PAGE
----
Then came her wartime marriage to Sir Robert Barlow of Metal Box, and several chances to return to tragic vein. Although she seemed strangely ill at ease at Covent Garden as Titania in Purcell's masque The Fairy Queen (1946), her Vittoria Corombona to Robert Helpmann's Flamineo in The White Devil was unforgettable.

In the great trial scene she cut a striking figure on the small stage of the Duchess Theatre - her ivory skin and flowing black hair like ivory starred with jet. The young Kenneth Tynan decided it was the most tragic acting he had seen in a woman - though he had seen Peggy Ashcroft's Duchess of Malfi a few seasons earlier:

She is loud, demonstratively plangent and convincingly voluptuous: a plump, pallid nymphomaniac. And such control! In the great trial scene she eschewed pathos and gave us in its stead anger, mettlesome and impetuous. A stalwart piece of rhetoric and beautifully spoken.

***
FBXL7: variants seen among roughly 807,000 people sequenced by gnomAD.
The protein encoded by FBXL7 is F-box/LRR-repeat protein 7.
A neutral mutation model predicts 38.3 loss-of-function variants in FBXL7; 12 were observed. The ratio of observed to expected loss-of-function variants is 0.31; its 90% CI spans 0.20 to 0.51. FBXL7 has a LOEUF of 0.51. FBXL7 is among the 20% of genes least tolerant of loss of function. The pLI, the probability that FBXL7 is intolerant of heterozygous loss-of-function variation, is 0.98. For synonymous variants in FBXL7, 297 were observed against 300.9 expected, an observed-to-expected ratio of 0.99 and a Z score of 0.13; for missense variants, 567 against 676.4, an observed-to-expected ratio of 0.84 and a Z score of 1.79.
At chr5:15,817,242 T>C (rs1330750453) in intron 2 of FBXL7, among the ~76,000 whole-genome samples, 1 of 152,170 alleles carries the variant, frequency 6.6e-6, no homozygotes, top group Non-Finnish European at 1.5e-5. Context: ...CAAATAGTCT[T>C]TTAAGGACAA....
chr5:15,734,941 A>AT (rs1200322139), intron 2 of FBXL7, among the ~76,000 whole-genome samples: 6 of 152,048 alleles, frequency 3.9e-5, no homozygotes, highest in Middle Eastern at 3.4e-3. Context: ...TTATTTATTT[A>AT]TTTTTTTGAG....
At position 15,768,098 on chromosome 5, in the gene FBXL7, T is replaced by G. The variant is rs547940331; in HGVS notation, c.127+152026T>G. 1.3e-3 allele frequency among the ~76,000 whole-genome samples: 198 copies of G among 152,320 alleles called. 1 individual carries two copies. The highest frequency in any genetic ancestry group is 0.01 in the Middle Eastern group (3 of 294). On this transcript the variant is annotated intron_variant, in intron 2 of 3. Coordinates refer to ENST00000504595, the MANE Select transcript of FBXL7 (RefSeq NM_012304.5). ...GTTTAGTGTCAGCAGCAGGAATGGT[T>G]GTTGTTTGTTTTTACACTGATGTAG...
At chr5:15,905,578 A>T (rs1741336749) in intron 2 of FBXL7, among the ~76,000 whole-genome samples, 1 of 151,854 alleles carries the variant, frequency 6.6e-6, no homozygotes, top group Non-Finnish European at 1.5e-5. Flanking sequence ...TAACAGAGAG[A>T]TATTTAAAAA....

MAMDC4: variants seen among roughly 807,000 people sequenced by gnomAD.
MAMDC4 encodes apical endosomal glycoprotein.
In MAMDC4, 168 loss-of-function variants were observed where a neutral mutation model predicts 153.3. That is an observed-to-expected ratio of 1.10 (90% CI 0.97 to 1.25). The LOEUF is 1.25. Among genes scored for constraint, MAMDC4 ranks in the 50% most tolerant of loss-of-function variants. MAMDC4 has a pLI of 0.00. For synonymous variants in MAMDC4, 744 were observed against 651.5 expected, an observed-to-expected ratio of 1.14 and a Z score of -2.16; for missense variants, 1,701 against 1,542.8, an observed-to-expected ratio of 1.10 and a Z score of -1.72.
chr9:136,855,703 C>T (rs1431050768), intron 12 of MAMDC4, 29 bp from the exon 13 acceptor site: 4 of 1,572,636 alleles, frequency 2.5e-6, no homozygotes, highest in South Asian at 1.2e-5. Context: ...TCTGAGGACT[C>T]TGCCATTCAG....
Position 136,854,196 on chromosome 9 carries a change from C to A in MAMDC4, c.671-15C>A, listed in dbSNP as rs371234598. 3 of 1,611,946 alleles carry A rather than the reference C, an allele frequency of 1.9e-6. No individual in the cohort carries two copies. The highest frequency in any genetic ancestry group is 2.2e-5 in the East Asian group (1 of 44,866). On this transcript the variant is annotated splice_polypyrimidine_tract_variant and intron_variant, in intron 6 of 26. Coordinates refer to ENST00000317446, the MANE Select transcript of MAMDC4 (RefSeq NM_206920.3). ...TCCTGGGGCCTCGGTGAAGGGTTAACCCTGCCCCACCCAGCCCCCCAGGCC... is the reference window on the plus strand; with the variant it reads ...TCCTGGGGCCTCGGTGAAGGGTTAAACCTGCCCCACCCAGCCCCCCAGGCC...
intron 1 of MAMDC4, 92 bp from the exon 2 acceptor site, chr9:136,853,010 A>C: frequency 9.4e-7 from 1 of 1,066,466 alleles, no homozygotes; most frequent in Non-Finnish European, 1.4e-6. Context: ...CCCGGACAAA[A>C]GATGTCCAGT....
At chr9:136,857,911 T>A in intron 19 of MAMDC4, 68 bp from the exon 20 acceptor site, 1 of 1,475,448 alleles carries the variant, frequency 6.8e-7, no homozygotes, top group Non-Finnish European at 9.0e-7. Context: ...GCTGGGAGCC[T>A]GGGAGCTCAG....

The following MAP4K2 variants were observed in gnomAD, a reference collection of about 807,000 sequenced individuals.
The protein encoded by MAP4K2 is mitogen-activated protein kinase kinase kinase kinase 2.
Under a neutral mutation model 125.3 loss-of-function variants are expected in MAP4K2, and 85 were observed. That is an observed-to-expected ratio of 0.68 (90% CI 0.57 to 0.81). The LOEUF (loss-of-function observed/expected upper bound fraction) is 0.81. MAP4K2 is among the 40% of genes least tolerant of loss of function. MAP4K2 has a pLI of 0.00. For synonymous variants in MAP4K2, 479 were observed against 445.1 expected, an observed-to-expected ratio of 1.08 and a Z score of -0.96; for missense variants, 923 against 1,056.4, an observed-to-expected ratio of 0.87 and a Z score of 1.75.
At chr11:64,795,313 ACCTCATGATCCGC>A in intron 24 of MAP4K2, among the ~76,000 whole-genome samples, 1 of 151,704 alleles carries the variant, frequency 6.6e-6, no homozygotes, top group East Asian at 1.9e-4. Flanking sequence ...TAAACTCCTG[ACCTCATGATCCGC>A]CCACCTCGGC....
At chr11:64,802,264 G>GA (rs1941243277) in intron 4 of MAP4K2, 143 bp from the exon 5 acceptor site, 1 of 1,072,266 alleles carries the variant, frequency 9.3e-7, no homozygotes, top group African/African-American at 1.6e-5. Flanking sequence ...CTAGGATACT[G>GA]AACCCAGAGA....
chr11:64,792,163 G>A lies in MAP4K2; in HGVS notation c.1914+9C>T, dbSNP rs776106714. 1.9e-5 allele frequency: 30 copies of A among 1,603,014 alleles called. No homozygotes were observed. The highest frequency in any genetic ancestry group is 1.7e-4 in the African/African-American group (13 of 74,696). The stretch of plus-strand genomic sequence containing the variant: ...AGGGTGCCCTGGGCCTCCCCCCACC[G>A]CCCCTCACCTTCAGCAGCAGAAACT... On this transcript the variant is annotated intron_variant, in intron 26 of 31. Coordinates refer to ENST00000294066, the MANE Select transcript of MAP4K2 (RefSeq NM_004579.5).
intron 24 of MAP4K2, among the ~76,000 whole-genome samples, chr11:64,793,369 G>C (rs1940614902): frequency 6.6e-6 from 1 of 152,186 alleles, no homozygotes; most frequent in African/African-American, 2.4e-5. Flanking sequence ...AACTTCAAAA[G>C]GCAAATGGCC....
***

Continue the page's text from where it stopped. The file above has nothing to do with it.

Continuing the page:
Michael Redgrave used to say that the history of the British stage was the history of first nights when all actors are judged and some (like Redgrave) seldom at their best. It was so with Rawlings.

Three years later Alec Clunes's Macbeth at the Arts Theatre did not create a sensation: but when one critic, Audrey Williamson, saw the production at the end of its three-week run it was different, especially Rawlings as Lady M.